….does what my mind tells it to do.
The section I just read from Homo Deus talks about free will. We as humans pride ourselves as unique amongst all beings on Earth because our free well, our ability to choose. Harari argues that free will is an myth, as much a fiction as any Disney fairy tail. How do we choose? How do we make any decision? It’s all based on algorithms we go through in our heads (mostly unconsciously). Things we like. Things we avoid. All of it has a reason behind it. I choose to do certain things because the story I tell myself about myself says I should do it. That story is informed by my experiences, which are decided by my previous story. Every word I’m choosing to write at the moment is based on my personal story of who I am, which was created by my past experiences, which were based on my personal story at the time, etc. etc. from the time I was born.
To further the argument Harari describes experiments currently being done on rats. Using implanted electrodes, scientists have been able to basically remote control rats to go through mazes, climb ladders etc. This may seem cruel to some, but supposedly the rats don’t experience any pain or discomfort, in fact they feel rather euphoric. They don’t feel as if someone is controlling them, rather the electrodes stimulate the brain in such ways that the rats want to do “as they’re told.” Are we as humans much different? We are encouraged to act according to our true selves. To do what feels good. Are we not just responding to electrical impulses in our brains?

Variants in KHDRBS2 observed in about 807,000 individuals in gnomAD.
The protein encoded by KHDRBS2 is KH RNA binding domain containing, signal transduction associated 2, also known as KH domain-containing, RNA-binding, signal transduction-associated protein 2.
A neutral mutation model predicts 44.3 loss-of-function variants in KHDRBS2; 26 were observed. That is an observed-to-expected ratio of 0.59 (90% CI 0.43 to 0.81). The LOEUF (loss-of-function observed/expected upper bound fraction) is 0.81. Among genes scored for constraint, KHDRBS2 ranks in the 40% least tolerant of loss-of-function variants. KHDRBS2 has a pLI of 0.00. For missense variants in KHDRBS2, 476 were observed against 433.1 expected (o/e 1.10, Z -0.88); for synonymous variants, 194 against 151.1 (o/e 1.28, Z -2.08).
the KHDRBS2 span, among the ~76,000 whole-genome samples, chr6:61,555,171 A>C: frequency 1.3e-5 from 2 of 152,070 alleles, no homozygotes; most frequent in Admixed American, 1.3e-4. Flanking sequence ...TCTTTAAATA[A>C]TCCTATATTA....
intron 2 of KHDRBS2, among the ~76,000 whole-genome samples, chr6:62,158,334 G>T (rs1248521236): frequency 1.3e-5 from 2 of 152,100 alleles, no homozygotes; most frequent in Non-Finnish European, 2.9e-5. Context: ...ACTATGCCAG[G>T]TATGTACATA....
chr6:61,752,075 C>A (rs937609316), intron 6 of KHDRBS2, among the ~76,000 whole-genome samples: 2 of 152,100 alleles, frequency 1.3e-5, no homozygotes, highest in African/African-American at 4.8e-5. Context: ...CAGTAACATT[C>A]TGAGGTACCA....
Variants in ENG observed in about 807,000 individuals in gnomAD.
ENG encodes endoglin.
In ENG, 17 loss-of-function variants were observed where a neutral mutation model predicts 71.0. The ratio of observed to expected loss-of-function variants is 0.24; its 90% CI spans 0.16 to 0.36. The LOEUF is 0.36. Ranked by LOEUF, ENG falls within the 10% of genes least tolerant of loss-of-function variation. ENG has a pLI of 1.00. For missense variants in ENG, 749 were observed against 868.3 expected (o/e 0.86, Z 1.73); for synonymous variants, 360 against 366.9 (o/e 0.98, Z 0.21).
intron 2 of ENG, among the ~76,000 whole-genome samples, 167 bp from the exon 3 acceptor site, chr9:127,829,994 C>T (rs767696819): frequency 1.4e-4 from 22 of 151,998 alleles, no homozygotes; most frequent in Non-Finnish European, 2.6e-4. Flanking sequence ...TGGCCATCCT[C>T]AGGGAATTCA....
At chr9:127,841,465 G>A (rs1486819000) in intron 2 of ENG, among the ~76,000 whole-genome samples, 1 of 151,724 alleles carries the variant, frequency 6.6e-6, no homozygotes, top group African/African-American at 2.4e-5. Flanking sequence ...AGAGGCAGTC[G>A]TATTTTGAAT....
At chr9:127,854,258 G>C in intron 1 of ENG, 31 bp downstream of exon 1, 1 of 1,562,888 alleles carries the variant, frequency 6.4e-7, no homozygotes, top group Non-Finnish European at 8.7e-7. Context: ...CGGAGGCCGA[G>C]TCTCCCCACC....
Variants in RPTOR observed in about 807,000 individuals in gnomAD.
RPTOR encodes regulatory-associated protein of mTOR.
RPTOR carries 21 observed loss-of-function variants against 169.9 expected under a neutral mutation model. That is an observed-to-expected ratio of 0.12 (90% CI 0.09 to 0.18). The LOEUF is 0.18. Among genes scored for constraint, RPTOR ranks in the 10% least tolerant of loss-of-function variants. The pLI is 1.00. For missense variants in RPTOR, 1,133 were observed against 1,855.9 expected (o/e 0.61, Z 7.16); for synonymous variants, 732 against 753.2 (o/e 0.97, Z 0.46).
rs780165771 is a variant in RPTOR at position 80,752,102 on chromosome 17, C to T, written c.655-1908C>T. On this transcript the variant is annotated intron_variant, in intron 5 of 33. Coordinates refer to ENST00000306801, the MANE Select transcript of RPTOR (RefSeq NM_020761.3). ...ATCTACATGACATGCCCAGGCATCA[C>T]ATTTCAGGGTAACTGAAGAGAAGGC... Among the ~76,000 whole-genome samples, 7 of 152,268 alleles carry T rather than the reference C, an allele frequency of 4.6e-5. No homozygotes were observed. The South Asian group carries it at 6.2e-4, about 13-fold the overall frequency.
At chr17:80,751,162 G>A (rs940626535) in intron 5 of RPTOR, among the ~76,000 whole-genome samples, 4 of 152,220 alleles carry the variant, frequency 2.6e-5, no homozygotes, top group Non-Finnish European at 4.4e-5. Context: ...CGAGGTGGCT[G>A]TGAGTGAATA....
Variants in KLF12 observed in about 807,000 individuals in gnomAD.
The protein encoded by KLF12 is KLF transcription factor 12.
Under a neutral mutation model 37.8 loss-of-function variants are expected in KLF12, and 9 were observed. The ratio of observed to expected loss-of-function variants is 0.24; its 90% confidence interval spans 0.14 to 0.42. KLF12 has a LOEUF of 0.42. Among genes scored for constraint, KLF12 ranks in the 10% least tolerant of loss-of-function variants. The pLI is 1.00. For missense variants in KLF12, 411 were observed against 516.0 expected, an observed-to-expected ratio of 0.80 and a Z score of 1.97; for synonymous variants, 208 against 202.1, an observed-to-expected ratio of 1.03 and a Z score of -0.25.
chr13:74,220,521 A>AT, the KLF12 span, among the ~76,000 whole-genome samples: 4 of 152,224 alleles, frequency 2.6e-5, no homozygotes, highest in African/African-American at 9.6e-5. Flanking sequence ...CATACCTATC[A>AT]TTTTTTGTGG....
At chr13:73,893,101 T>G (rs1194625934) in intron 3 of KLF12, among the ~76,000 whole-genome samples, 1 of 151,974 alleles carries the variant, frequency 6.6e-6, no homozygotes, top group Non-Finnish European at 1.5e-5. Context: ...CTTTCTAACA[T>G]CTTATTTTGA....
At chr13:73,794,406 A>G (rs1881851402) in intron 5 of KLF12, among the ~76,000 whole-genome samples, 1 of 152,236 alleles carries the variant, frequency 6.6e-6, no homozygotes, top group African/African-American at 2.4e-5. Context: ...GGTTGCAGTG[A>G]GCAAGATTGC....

All that being said, not all algorithms are not definite. Existence is not predetermined. Our “choices” have a random component to them and are partially influenced by random events outside our control. That uncertainty/ randomness is where our feelings of choice and will comes from. Perhaps humans do not have “free will” in the sense of complete autonomy. But what really is the difference between my brain telling me to do something and my self telling me to do it. If nothing else at least we can take solace in that our fates are not predestined, maybe, though of course there is no way to see one way or another with absolute certainty.
When’s all’s said and done, this is kind of a useless discussion for various reasons, but it’s interesting to think about.